After seeing photos of the Teenage Rampage Trick Riders team performing at the Dowerin Field Days we were intrigued and wanted to find out more. The team’s manager, Mel Steele, kindly gave us some more insights into the group and how much work and dedication is involved in becoming a trick rider. If you’re at the Koorda Show this weekend be sure to catch up with Teenage Rampage and watch their performances. And if you would like Teenage Rampage to visit your club or event, then contact them through their Facebook Page.
How did you get established and how long have you been operating?
Emma- Jane Hicks was 11yrs old when she first saw trick riding and decided she wanted to be a trick rider. Her mother thought it was a passing fad due to the pretty costumes and sparkles the horses wore but after a year of nagging Emma was told she had better learn to canter first as she had never cantered on a horse before as she had only done lead-line at pony club and lessons were then sought including trips to Queensland to train with the trainer of the horses of the movie War Horse.
Teenage Rampage was formed in 2010 with the purchase of the perlino Quarter horse gelding Romeo. He was for the team’s founder and main trick rider, the then 12 yr old Emma-Jane Hicks. The team then grew to three more horses and other riders over the next 5 years. Romeo still performs with the team along with Oscar, Pop and Paintball, and we are training a new horse, Lily, who is very similar to Romeo only taller and she should be out performing next year.
How many members do you have and what is the age and gender breakdown?
We have 3 riders ranging from 17 to 21, all females and sometimes we have guest riders or give students an opportunity to perform at different events. Trick riding can be performed by both male and female, the only difference is the type of tricks the riders do.
Where are you based?
We have purchased 123 acres with the use of another 120 acres in Wyalkatchem WA as well as having a base in Goomalling and Mardella (near Serpentine).
What does training look like for members?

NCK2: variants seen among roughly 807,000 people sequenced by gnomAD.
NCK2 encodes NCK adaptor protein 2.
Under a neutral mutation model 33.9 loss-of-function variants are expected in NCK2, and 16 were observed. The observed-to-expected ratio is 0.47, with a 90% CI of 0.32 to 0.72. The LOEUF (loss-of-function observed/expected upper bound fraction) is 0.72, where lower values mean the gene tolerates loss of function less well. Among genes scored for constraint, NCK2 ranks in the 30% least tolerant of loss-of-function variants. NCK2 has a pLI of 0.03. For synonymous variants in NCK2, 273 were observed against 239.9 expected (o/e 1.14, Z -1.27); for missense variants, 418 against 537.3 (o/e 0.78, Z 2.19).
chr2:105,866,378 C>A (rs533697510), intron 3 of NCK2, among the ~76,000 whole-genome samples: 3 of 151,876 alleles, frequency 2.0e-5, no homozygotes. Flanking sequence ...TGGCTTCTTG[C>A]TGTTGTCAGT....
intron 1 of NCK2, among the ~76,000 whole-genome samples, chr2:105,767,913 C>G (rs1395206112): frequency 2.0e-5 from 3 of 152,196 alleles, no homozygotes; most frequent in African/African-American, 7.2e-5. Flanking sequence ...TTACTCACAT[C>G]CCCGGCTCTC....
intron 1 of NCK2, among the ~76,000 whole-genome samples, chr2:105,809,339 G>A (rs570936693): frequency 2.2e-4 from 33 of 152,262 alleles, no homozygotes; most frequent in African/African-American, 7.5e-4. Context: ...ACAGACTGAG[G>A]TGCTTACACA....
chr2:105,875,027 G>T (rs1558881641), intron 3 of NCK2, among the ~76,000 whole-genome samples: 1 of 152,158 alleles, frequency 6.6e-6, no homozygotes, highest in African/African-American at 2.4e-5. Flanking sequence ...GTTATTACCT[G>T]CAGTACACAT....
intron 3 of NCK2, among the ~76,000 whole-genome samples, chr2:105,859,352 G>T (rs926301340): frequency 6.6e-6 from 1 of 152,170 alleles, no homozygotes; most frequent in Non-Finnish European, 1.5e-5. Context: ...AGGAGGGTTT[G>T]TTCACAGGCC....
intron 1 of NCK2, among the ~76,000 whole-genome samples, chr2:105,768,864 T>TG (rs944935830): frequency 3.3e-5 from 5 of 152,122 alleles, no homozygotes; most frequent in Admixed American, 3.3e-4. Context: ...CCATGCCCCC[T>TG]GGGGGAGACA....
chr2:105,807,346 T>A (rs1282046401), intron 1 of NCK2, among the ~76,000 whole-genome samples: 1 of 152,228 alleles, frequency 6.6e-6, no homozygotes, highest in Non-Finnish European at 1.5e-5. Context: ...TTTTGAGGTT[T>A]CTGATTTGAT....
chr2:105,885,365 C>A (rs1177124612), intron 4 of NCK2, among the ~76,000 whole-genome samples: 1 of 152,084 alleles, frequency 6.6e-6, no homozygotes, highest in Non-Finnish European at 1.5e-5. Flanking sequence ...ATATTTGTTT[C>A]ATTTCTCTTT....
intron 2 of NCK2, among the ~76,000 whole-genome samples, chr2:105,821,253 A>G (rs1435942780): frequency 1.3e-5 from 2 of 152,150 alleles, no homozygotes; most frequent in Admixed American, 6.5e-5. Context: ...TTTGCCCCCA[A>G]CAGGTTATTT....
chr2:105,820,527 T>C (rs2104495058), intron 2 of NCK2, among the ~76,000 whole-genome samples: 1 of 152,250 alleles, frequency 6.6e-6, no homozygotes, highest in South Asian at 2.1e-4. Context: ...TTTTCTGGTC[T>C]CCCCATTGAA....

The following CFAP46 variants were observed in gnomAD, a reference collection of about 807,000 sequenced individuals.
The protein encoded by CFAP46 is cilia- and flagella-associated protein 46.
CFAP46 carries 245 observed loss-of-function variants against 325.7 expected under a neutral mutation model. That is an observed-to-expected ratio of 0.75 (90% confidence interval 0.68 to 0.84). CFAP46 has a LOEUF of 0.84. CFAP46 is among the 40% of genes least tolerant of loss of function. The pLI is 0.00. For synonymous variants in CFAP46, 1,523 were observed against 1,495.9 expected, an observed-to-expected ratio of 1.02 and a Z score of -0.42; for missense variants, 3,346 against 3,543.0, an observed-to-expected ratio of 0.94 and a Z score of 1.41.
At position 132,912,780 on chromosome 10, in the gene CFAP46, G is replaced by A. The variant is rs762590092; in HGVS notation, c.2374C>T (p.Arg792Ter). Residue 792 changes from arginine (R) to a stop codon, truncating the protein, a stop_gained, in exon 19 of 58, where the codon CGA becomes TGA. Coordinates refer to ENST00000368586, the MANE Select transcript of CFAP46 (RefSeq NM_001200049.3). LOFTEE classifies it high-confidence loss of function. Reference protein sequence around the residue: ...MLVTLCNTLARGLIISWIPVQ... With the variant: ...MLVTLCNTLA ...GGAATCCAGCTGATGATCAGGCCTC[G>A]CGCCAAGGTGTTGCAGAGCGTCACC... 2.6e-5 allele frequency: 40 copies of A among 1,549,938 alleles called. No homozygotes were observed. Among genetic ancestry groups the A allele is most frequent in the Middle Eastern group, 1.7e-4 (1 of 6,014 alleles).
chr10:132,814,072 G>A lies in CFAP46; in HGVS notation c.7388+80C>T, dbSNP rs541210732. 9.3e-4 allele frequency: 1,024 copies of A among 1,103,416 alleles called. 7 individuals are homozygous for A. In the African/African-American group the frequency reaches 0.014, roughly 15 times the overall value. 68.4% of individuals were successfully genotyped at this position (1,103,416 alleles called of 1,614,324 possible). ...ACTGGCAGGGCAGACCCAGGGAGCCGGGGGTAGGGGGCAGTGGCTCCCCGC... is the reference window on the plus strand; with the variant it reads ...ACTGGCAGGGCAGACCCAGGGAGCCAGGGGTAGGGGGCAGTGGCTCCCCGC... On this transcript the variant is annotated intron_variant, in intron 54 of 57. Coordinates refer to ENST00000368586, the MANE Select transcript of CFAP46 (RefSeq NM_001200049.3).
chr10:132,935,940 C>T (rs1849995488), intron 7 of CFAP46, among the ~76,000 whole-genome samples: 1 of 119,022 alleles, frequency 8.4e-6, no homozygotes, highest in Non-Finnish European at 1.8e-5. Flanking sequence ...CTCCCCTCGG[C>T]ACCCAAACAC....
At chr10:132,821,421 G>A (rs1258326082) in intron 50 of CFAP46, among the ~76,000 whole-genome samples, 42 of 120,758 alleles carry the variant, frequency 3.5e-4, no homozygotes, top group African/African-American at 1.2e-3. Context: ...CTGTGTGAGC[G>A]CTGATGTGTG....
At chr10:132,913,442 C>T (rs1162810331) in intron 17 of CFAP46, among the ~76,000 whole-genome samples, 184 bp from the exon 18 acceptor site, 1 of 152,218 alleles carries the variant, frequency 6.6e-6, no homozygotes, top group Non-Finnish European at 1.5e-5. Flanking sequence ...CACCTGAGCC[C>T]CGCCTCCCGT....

Every trick is trained from standstill until we get it to what we call trick speed which is our performance speed which is done at gallop. We never just run a trick at speed nor do we suggest people try it at home without the correct gear and training and a trained horse.
What is the most impressive trick the team can perform?
Probably the hardest and most impressive trick would be “backbend” where the rider is in a full gymnastics type backbend on the horse. Emma, our senior trick rider, is the only girl in WA that can perform the trick at speed and one of only two in all of Australia. It takes a very tolerant horse and a lot of riders break noses or wrists attempting the trick. She trained the trick slowly over a 5 year period before getting it up to speed. Another impressive one is called a tail stand where the rider is in a full headstand over the horse’s rump. Again it takes a very tolerant horse and a balanced and strong rider.
Where do you perform?
We perform all over WA at different events such as Ag Shows, Festivals, and even at Birthday Parties if we have the room to run the horses. Rodeos, Shows, Pony and Riding Clubs, Fairs – you name it and we’ll do it.
Can new people join the team?
Occasionally we will take on new riders if they show promise and the dedication to be able to do it on a performance level. It’s certainly not as easy as the girls make it look. However we do run clinics and private lessons for those who want to learn the art. We recently put together a team of students, all of whom were from Wheatbelt areas, to perform as part of a workshop that we did at the Dowerin Field Days. It gave them a chance to get out there in front of the public and show what they had learned over the previous three weeks of training. Riders’ ages ranged from 8 to 14 years.
How can the public get involved in your coaching sessions?
Visitors are always welcome to attend a training session. Just give us a call or message us to check when our next training session is. Regular updates about our training, girls and horse are given on our Facebook Page.
The action photos in this article were kindly supplied by Vickiphotos.